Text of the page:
Arnie -- Dave Barry's a genius whose work serves many purposes.

FvB, ".", Annette - The whole weightlifter thing leaves me ambivalent. On the one hand: how cool to see people pushing it as far as it can go. And, to be frank, in what other field else are most of these weightlifter types likely to excel? This is their gift, I suppose. So the right thing would seem to be to say, Do yo' stuff! Far be it from me to tell them not to. On the other hand, sheesh, but I find the spectacle kind of grotesque. Clive James once said about Ah-nold that he looks like "a fistful of walnuts stuffed into a condom" (or something like that), and that's how the visuals have always struck me. On the third hand, wow, but isn't that prissy and uptight of me. So I dunno: I guess I watch with interest; marvel that the weightlifting esthetic has become the important thing that it has; think thoughts like "Gosh, well I guess 'Pumping Iron' and Ah-nold have really been influential and important -- I sure didn't see that coming"; and try not to flinch in the face of it all. So it's a little gaudy! So it's a little grotesque! Life sometimes seems to do its best to imitate a carnival or amusement park, doesn't it?

Kunstlerfolks -- I think I take him a bit differently. He's a provocateur, and a Jeremiah figure, and I take him and enjoy him as such. (Actually he's more than that, but so far as his doomsaying goes ...) Society always seems to generate Jeremiah figures, and if we're going to have 'em, Kunstler's certainly a great incarnation: he's funny, juicy, smart, and he has a lot of writing talent. Unlike Brian, I find him a very cheery doomsayer too. I don't know about anyone else, but often when I grump about things and speculate about doomy futures, I'm rather happy. Griping about shit is something I enjoy and look forward to. It's part of being involved, no? Not that anyone has to agree or do likewise, of course. You guys don't have favorite thundering doomsayers? Maybe it'a a more peculiar taste than I realize ...

Posted by: Michael Blowhard on August 11, 2005 11:44 AM

I'm sure it says something perverse about me, but I like the notion of people lifting weights in order to make themselves into something a bit different than what they were when they started. I think some of the early champions of women's body-building looked great. (Nothing like lots of squats to develop a sculpted tush on a girl.)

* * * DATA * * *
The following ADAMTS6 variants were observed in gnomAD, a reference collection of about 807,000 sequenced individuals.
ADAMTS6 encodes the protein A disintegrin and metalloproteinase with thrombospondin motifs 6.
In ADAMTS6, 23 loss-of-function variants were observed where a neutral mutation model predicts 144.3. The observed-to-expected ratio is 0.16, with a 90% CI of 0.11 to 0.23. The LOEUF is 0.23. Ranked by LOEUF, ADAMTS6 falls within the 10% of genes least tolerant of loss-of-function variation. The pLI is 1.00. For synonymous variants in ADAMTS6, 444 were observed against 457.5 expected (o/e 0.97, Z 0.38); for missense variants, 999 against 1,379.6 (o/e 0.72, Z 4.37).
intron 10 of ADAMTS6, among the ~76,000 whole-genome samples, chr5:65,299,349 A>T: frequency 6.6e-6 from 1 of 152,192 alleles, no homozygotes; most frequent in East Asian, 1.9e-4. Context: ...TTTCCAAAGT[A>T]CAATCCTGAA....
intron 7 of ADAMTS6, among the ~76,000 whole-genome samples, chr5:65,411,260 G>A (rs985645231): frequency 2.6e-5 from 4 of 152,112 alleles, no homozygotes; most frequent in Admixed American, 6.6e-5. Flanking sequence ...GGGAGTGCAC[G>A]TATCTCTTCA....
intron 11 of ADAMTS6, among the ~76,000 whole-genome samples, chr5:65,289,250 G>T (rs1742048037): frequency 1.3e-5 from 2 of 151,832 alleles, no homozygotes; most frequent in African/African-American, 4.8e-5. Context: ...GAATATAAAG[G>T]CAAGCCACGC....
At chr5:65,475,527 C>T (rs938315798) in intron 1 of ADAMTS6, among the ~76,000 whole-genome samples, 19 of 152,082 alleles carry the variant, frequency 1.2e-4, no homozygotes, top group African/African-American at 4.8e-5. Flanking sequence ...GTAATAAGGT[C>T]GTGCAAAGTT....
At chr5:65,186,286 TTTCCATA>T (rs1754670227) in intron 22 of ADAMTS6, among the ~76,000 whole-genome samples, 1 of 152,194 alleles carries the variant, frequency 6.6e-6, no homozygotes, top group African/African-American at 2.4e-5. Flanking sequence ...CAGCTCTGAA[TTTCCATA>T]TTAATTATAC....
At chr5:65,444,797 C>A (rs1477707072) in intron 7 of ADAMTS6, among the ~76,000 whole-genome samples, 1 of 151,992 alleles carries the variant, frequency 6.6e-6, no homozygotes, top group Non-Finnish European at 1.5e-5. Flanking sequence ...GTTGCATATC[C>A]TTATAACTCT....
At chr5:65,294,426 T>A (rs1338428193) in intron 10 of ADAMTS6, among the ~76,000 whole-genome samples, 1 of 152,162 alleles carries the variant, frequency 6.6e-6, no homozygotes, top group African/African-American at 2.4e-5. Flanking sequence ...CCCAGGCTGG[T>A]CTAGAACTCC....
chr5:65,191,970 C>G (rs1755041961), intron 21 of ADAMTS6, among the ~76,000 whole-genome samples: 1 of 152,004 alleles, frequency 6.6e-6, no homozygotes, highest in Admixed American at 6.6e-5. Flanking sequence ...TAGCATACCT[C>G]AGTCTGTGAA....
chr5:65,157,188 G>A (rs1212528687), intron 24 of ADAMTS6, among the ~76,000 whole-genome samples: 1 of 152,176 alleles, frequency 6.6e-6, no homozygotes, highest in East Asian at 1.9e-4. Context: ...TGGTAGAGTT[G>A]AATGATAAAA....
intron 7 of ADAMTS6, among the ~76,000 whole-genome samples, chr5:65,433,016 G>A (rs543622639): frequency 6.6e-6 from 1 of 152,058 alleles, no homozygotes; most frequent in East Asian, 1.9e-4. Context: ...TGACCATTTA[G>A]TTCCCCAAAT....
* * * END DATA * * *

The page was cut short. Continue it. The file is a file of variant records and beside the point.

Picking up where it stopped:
The snake in the garden of bodybuilding, however, is drugs. I remember looking at pictures of Steve Reeves and other bodybuilders of the 1950s and comparing them to modern bodybuilder-behemoths. Steve and his contemporaries looked like Ordinary Joes. Then it struck me--Steve Reeves et al were certainly no wimps. Steve and his buddies of that era were what people can look like through diet, exercise and clean living. Anybody substantially more muscular than them is drugging.

Of course, bodybuilding didn't really take off as a public craze until the drugging era. Which probably says something perverse about popular culture.

Posted by: Friedrich von Blowhard on August 11, 2005 2:47 PM

Some rare individuals do have the genetic ability to pack on massive amounts of muscle without steroids or other drugs. It could be argued that steroids are merely levelling the playing field, so to speak, by allowing the vast majority of people without genetic gifts to compete with the lucky few. This is true whether you're talking about building muscle for purely esthetic purposes or for improving one's athletic performance. Steroids also may allow some athletes to stave off the inevitable decline that comes with age, at least for a few years, thereby extending their careers. Barry Bonds is a very good example of this effect.